No, not moss, lichen, and grass.
That split in the ground of Iceland shown above is where two tectonic plates are spreading apart. One side is headed eastward as part of Eurasia while the other side moves west along with the rest of the North American plate.
We know so little, it’s not yet possible to rule out the existence of extraterrestrial life, either now or in the past. But Earth does seem to be the only planet in the Solar System with an outer crust broken up into plates that jiggle around** as heat from the planetary core reaches the surface.
However, careful research over almost half a century has shown how the continents that seem eternally stable to us have actually wandered across Earth. It’s even possible to get an idea of where they’re going in the future.
**Mercury is active but a one-plate planet.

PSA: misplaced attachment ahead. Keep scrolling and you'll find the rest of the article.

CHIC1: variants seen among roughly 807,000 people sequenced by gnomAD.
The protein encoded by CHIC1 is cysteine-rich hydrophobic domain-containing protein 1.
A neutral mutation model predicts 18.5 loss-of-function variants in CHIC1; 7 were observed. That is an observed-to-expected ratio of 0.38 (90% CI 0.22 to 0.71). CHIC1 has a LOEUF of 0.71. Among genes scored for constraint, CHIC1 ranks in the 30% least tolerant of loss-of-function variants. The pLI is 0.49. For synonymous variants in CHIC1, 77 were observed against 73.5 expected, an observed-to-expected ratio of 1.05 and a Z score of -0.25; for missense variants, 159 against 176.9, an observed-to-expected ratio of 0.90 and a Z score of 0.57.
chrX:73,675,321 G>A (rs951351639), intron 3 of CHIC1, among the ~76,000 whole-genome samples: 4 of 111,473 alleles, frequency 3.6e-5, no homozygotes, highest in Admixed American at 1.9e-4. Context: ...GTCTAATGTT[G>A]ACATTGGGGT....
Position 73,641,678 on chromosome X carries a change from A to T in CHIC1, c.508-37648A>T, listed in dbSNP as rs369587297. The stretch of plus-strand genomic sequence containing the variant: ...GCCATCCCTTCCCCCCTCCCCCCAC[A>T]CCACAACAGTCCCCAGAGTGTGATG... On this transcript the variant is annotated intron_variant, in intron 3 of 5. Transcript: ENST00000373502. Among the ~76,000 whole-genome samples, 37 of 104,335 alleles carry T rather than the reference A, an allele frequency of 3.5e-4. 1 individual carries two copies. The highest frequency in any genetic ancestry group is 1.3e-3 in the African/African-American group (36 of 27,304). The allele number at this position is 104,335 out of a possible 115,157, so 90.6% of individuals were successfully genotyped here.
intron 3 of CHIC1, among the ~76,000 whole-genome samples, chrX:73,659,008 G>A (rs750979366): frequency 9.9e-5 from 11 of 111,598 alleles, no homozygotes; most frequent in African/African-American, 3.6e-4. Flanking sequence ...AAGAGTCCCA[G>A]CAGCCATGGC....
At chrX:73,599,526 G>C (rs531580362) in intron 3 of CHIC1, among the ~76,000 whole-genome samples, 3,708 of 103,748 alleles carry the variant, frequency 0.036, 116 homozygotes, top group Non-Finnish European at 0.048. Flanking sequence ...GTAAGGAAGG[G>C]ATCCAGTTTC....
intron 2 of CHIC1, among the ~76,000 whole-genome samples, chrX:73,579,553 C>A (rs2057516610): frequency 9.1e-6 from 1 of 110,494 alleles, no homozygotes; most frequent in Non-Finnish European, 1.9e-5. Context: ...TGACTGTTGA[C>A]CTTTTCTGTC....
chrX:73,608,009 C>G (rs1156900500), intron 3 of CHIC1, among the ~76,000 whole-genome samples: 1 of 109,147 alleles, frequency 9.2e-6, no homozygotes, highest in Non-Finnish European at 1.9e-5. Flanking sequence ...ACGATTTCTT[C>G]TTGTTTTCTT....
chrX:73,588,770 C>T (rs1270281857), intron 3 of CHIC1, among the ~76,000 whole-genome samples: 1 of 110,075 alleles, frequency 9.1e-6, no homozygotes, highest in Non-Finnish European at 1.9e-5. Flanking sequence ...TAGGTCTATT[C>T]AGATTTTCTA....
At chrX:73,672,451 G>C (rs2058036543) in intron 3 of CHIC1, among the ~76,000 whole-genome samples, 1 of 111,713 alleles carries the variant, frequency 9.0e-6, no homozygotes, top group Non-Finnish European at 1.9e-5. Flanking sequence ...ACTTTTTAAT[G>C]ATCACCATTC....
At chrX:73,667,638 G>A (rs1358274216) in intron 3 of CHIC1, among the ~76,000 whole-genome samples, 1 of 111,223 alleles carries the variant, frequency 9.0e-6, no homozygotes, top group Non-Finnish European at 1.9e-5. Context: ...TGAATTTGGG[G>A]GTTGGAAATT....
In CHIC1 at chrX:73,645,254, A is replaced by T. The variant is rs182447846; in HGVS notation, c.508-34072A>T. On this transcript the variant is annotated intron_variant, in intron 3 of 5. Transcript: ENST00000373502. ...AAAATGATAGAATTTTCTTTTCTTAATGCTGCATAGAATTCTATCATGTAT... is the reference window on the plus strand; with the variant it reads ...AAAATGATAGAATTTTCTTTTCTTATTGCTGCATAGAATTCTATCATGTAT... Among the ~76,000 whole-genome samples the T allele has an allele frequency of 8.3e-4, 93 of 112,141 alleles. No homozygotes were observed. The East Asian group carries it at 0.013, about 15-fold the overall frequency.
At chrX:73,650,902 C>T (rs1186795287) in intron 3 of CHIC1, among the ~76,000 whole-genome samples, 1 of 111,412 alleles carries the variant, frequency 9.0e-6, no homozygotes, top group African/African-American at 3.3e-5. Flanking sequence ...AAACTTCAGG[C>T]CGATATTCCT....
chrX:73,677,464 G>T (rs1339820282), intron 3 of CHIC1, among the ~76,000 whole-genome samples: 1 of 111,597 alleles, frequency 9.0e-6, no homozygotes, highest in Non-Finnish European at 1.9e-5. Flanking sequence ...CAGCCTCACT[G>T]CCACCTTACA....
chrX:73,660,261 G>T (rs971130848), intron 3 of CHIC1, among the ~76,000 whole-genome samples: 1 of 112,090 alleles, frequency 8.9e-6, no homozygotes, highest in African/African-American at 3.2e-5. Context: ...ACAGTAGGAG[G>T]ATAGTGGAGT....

For reference, mammals and dinosaurs started out together in the Triassic. The avian dinosaurs are still around, as are mammals. Pay particular attention to India’s position when you see “K/T boundary” in this video; we’re going there tomorrow.
How can they reconstruct these movements? It’s complicated, but tracking what are called “magnetic anomalies” — the rocky record of Earth’s magnetic pole reversals — has helped a lot.
A pole reversal is not the end of the world in real life; it’s quite common, actually.
In the following video, which was made by and for nerds, these paleomagnetic anomalies, when they get to that part, show up as black bars for “normal” pole orientations (like today’s) and as white bars for “reversed” orientations, which is exactly what it sounds like — modern compasses would point south.
And as they say, the matching magnetic “stripes” on each side of the spreading ridge did prove that continents (and ocean seafloor) do move. It was quite a revolution in geology at the time!
As part of tomorrow’s Sunday Morning Volcano post, we’ll see how paleomagnetic data played a role in another geological paradigm, this one having to do with what might have killed off the dinosaurs 66 million years ago.
Featured image: Jen Robinson, CC BY 2.0.